Home LATEST NEWS Human trials of an HIV vaccine using messenger RNA begin

Human trials of an HIV vaccine using messenger RNA begin


Despite four decades of research, scientists have still not succeeded in developing a vaccine against this disease which kills hundreds of thousands of people each year.

But recent successes in messenger RNA technology that have enabled the rapid development of COVID-19 vaccines, including Moderna’s, have raised hopes.

The aim of the vaccine tested is to stimulate the production of a certain type of antibody (bnAb), capable of acting against the very numerous variants of HIV in circulation, the virus causing the disease AIDS.

The vaccine seeks to educate B cells, which are part of our immune system, to produce these antibodies.

For this, the trial will test the injection of a first immunogen, that is to say of a substance capable of provoking an immune response, and of a booster immunogen injected afterwards.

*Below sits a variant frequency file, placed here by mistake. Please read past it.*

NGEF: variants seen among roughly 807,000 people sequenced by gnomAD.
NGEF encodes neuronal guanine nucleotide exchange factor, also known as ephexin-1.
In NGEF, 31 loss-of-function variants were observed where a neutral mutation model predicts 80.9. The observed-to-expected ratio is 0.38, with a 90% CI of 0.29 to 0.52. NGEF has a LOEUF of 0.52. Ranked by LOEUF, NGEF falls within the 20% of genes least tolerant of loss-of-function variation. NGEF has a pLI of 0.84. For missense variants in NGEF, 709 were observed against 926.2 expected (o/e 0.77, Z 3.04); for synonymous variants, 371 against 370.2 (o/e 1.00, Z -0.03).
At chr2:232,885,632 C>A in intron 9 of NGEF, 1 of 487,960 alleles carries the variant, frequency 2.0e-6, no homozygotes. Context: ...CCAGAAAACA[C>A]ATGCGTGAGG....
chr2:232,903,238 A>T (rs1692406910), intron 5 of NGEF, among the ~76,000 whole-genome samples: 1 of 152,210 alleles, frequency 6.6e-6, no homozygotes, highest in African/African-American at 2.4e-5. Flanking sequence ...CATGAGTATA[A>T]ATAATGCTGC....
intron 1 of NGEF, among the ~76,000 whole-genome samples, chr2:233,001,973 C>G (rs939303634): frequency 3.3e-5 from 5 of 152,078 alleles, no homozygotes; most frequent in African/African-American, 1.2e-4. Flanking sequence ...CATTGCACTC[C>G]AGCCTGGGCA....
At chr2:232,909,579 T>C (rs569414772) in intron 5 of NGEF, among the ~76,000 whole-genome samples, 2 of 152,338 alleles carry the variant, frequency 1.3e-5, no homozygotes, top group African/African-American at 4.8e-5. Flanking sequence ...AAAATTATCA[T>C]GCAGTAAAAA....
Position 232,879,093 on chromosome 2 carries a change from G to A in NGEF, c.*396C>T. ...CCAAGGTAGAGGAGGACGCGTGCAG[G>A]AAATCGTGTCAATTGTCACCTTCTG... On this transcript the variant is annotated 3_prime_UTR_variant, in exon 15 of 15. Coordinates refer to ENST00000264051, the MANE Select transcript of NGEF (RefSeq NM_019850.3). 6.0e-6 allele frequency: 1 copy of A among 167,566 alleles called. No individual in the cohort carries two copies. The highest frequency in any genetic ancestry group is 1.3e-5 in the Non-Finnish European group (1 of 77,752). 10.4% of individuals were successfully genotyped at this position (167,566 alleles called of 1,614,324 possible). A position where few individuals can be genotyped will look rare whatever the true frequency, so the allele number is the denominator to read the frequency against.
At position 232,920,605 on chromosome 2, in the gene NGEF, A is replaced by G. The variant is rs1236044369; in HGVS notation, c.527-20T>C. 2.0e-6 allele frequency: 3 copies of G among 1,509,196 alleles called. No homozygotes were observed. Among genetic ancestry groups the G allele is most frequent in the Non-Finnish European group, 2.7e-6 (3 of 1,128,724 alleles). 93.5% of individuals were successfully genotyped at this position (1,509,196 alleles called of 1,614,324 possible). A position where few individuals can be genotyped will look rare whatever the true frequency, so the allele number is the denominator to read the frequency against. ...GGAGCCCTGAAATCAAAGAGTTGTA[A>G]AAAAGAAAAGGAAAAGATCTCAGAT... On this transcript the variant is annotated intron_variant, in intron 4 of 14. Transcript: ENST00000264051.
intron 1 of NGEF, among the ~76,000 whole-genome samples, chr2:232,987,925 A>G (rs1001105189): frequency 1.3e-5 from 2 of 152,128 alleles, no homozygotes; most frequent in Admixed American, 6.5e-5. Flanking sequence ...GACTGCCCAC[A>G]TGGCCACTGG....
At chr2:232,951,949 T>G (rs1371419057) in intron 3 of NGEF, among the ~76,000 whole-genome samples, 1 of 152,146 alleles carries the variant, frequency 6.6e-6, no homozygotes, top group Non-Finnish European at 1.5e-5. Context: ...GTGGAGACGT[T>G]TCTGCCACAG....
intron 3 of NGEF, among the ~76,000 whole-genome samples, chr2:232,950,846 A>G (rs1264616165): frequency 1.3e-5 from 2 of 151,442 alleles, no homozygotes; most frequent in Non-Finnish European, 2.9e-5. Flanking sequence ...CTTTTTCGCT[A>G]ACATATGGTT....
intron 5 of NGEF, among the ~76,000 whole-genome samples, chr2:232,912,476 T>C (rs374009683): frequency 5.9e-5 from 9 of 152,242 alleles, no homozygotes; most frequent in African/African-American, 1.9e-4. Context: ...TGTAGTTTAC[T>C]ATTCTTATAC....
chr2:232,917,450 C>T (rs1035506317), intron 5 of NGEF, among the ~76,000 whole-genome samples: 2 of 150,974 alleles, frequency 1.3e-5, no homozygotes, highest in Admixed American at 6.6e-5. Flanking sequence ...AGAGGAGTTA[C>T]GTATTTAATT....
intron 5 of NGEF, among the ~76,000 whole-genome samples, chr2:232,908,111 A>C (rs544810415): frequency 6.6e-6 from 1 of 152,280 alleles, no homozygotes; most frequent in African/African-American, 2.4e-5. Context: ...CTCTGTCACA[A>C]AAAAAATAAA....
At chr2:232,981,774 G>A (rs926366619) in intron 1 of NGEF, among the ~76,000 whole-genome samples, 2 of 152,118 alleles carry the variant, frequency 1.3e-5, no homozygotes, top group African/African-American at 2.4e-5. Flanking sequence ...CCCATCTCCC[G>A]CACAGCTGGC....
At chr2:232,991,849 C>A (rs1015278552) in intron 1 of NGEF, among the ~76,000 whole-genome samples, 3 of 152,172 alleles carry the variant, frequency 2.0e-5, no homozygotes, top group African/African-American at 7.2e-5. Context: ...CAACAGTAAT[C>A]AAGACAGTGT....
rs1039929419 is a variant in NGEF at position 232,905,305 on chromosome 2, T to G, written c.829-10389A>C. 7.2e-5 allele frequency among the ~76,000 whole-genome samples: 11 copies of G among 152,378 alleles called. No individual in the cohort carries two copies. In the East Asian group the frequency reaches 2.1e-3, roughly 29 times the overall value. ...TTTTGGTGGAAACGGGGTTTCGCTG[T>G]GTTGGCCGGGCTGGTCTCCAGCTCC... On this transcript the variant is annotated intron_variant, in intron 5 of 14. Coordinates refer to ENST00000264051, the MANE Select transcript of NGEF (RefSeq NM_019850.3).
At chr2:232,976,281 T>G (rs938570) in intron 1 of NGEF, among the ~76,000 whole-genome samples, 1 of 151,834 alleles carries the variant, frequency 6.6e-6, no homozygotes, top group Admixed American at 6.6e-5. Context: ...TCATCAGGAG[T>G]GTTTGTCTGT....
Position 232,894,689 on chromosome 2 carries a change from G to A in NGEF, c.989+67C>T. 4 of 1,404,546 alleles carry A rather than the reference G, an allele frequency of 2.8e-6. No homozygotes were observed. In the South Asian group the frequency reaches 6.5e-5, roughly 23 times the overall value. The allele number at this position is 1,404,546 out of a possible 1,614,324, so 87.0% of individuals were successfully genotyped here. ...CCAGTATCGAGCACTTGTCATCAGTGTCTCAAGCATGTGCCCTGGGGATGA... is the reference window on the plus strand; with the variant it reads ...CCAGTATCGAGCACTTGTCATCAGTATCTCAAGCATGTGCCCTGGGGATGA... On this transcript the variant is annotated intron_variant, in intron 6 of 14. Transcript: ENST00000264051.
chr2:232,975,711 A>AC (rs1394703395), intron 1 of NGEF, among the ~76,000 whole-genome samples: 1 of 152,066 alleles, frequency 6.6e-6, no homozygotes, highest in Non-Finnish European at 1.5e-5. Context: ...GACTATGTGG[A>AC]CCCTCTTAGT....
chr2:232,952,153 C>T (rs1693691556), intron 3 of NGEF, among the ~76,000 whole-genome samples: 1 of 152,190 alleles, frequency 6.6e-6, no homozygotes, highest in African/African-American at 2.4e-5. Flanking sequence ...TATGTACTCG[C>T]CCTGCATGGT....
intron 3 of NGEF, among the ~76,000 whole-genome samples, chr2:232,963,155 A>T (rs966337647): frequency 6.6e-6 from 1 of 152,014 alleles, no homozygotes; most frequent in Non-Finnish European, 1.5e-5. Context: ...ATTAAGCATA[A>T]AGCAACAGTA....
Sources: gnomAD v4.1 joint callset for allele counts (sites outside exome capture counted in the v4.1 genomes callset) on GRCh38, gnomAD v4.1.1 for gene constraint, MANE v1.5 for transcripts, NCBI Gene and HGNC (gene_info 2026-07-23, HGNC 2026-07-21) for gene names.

They will be delivered via messenger RNA technology.

The production of bnAbs is widely considered a goal of HIV vaccination, and this is a first step in this process.the statement said.

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Other immunogens will be needed to guide the immune system on [la bonne] pathway, but this combination of a boost and a boost could be the first key element of a possible HIV vaccine regimenestimated David Diemert, scientific manager of the test at one of the four sites where the latter is carried out, George Washington University.

The immunogens used were developed by the scientific research organization International AIDS Vaccine Initiative (IAVI) and the Scripps Research Institutewith support from the Bill & Melinda Gates Foundation, the US National Institute of Infectious Diseases (NIAD) and Moderna.

Last year, a first trial, which did not use messenger RNA, but tested the first immunogen, showed that the desired immune response was elicited in several dozen participants.

The next step was then to collaborate with Moderna.

Given the speed with which messenger RNA vaccines can be produced, this platform offers a more flexible and responsive approach to vaccine testing and designunderlines the press release.

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The search for an HIV vaccine is long and difficult, and having new tools in terms of immunogens and platform could prove crucial to make rapid progress.estimated Mark Feinberg, boss of IAVI.

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